I think it is kind'a similar to soft and hard thresholding using in wavelet de-noising. Have you come across this topic? pywt has already an in-built function for this purpose. Please take a closer look at this code and try to play with it: import pywt import matplotlib.pyplot as plt import numpy as np ts = [2, 56, 3, 22, 3, 4, 56, 7, 8, 9, 44, 23, 1, 4, 6,...


8

Here is what I did for a client (What you are asking is the same). Assuming that you have access to certain type of a pattern on the image (or the center of the hole), you could always detect the template to obtain the location of a possible unwarp: Note that in the transformed image, two region of interests are defined and the region within which we would ...


8

Some Features: Mean. Variance. Skewness. Kurtosis. Dominant 3 frequencies in the DFT. Energy of the 3 dominant frequencies. Max Value. Min Value. Median. Usually I'd compute them in running windows. Another great information is the Histogram of the Derivative. Or just all the above of the Derivative.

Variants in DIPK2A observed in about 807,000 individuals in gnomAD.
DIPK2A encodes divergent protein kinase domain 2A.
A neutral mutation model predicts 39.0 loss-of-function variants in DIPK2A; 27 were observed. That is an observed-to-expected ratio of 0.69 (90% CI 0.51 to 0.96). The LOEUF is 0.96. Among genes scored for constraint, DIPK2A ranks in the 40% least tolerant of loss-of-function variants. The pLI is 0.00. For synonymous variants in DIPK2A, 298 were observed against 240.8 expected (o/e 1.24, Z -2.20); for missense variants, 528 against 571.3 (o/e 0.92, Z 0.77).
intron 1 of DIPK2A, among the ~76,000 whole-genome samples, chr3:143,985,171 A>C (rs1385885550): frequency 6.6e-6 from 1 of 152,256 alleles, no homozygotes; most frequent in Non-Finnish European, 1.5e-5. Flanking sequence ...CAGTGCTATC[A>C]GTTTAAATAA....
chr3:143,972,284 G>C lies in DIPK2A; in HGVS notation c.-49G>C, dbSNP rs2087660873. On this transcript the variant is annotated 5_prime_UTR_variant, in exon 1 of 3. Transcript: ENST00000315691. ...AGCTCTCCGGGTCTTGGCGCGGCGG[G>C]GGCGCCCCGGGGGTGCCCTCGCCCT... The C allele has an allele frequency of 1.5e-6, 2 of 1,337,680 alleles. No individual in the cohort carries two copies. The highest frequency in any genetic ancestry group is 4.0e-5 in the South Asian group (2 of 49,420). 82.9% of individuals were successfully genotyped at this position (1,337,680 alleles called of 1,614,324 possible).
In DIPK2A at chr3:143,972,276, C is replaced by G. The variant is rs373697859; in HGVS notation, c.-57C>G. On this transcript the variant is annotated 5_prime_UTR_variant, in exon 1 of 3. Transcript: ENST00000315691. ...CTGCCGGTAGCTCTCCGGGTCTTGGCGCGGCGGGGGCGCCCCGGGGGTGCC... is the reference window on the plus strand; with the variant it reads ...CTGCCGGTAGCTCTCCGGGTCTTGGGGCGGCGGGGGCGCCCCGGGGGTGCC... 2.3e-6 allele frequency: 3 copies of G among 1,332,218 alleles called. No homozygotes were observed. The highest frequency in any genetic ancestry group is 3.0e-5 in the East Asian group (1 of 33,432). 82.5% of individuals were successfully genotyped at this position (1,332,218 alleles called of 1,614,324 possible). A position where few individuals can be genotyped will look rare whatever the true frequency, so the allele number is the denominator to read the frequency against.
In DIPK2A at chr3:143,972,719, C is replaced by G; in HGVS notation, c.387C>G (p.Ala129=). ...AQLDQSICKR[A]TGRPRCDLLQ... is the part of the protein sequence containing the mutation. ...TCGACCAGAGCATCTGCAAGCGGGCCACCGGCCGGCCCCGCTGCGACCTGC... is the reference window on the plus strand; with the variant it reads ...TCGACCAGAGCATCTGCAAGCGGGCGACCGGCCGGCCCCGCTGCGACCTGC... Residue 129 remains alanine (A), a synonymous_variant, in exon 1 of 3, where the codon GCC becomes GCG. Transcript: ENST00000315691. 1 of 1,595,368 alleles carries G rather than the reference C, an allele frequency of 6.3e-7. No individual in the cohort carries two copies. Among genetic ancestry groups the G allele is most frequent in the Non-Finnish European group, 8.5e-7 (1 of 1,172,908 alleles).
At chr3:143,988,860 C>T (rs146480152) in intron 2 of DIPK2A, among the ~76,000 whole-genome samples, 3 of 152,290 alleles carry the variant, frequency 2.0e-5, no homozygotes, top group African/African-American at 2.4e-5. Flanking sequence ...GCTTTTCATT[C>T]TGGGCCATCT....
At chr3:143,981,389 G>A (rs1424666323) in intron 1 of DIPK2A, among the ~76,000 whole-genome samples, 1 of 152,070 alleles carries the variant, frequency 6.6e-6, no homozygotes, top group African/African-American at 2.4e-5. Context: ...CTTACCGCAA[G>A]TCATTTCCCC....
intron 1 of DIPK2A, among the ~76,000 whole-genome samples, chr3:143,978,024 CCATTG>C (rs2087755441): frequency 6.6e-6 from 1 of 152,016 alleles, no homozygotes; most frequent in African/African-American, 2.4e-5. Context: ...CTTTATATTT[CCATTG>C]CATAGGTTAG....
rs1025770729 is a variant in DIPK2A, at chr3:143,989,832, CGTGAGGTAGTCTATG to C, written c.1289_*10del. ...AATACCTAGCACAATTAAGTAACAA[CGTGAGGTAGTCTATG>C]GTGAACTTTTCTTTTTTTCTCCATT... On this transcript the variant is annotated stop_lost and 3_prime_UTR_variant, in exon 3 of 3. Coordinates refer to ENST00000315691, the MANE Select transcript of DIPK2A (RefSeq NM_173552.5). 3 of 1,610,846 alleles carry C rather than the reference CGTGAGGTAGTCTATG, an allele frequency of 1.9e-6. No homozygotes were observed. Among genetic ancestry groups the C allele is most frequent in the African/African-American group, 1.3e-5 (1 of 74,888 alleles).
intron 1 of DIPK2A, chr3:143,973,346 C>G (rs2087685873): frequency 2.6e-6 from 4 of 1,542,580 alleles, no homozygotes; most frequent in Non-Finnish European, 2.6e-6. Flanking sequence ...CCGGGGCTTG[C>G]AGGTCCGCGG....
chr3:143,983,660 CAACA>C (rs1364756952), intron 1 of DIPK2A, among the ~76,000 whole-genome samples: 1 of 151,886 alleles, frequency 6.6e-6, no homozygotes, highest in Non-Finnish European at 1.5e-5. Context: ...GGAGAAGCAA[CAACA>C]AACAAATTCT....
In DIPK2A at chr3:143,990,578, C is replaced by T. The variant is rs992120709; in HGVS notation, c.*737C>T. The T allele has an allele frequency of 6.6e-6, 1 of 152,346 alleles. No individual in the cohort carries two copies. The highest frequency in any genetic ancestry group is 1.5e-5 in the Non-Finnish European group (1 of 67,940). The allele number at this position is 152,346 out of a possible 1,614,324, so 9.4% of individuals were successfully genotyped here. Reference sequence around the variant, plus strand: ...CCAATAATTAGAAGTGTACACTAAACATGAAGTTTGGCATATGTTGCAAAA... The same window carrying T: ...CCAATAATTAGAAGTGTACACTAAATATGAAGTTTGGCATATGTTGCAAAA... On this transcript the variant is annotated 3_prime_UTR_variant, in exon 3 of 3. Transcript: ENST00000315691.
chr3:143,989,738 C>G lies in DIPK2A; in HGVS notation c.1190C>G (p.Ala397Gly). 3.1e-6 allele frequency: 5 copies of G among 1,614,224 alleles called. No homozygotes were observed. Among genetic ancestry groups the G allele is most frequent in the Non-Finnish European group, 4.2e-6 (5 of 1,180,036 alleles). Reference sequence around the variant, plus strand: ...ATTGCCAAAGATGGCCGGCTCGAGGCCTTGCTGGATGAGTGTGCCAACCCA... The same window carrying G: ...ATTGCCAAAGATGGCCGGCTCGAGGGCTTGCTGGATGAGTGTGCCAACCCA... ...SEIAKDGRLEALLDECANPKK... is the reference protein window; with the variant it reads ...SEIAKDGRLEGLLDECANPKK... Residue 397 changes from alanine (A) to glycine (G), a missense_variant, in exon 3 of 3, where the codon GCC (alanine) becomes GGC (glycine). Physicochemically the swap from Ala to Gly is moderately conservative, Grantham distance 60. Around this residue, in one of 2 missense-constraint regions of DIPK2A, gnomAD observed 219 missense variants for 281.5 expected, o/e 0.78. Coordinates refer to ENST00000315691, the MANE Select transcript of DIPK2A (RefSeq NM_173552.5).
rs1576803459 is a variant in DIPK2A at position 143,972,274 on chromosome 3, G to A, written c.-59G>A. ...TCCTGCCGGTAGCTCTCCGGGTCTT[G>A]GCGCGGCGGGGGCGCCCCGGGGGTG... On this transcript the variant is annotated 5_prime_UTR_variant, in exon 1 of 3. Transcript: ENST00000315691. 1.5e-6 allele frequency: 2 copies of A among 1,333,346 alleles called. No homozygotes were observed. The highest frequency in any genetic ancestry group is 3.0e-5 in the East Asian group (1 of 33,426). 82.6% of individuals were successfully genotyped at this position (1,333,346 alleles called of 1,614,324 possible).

7

The 1D gabor filter has the following form in the frequency domain: $$G_{b(\sigma,\omega_0)}(\omega) = \text{exp}\left(-\frac{\sigma^2}{2}(\omega - \omega_0)^2\right)$$ The 1D log-gabor filter is: $$G_{l(\sigma,\omega_0)}(\omega) = \text{exp}\left(-\frac{\ln^2(\omega/\omega_0)}{2\ln^2(\sigma)}\right)$$ Log-gabor filters are used because they have 0 DC ...


5

There are two different concepts: If you think as your signal as a single random variable $X$ that is emitting values, then what you want is to calculate the Entropy of the random variable http://en.wikipedia.org/wiki/Entropy_estimation If you are considering the entire random signal or stochastic process, then you have to estimate the autocorrelation ...


5